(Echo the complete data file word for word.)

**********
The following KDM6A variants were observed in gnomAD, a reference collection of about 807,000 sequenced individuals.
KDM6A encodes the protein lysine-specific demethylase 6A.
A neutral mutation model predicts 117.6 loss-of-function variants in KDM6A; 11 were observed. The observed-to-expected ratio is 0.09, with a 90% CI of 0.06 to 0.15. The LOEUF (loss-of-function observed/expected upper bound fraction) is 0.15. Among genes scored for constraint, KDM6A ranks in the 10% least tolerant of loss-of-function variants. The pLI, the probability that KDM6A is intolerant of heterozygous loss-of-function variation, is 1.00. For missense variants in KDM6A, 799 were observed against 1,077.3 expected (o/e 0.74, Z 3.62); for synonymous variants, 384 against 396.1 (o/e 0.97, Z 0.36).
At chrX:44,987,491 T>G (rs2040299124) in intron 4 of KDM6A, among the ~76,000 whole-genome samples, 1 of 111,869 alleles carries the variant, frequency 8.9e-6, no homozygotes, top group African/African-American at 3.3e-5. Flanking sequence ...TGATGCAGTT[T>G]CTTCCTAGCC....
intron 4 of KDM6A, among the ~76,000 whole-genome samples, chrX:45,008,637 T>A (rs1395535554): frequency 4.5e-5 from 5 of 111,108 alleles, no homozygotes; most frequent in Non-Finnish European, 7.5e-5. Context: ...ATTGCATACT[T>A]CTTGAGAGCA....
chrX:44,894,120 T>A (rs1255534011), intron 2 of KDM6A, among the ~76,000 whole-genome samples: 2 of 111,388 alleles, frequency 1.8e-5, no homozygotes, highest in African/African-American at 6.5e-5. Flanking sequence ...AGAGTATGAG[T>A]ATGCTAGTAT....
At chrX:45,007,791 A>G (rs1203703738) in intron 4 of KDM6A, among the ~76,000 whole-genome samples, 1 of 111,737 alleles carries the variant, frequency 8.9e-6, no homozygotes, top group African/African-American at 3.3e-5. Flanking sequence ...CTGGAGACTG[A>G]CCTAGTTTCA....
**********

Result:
The following KDM6A variants were observed in gnomAD, a reference collection of about 807,000 sequenced individuals.
KDM6A encodes the protein lysine-specific demethylase 6A.
A neutral mutation model predicts 117.6 loss-of-function variants in KDM6A; 11 were observed. The observed-to-expected ratio is 0.09, with a 90% CI of 0.06 to 0.15. The LOEUF (loss-of-function observed/expected upper bound fraction) is 0.15. Among genes scored for constraint, KDM6A ranks in the 10% least tolerant of loss-of-function variants. The pLI, the probability that KDM6A is intolerant of heterozygous loss-of-function variation, is 1.00. For missense variants in KDM6A, 799 were observed against 1,077.3 expected (o/e 0.74, Z 3.62); for synonymous variants, 384 against 396.1 (o/e 0.97, Z 0.36).
At chrX:44,987,491 T>G (rs2040299124) in intron 4 of KDM6A, among the ~76,000 whole-genome samples, 1 of 111,869 alleles carries the variant, frequency 8.9e-6, no homozygotes, top group African/African-American at 3.3e-5. Flanking sequence ...TGATGCAGTT[T>G]CTTCCTAGCC....
intron 4 of KDM6A, among the ~76,000 whole-genome samples, chrX:45,008,637 T>A (rs1395535554): frequency 4.5e-5 from 5 of 111,108 alleles, no homozygotes; most frequent in Non-Finnish European, 7.5e-5. Context: ...ATTGCATACT[T>A]CTTGAGAGCA....
chrX:44,894,120 T>A (rs1255534011), intron 2 of KDM6A, among the ~76,000 whole-genome samples: 2 of 111,388 alleles, frequency 1.8e-5, no homozygotes, highest in African/African-American at 6.5e-5. Flanking sequence ...AGAGTATGAG[T>A]ATGCTAGTAT....
At chrX:45,007,791 A>G (rs1203703738) in intron 4 of KDM6A, among the ~76,000 whole-genome samples, 1 of 111,737 alleles carries the variant, frequency 8.9e-6, no homozygotes, top group African/African-American at 3.3e-5. Flanking sequence ...CTGGAGACTG[A>G]CCTAGTTTCA....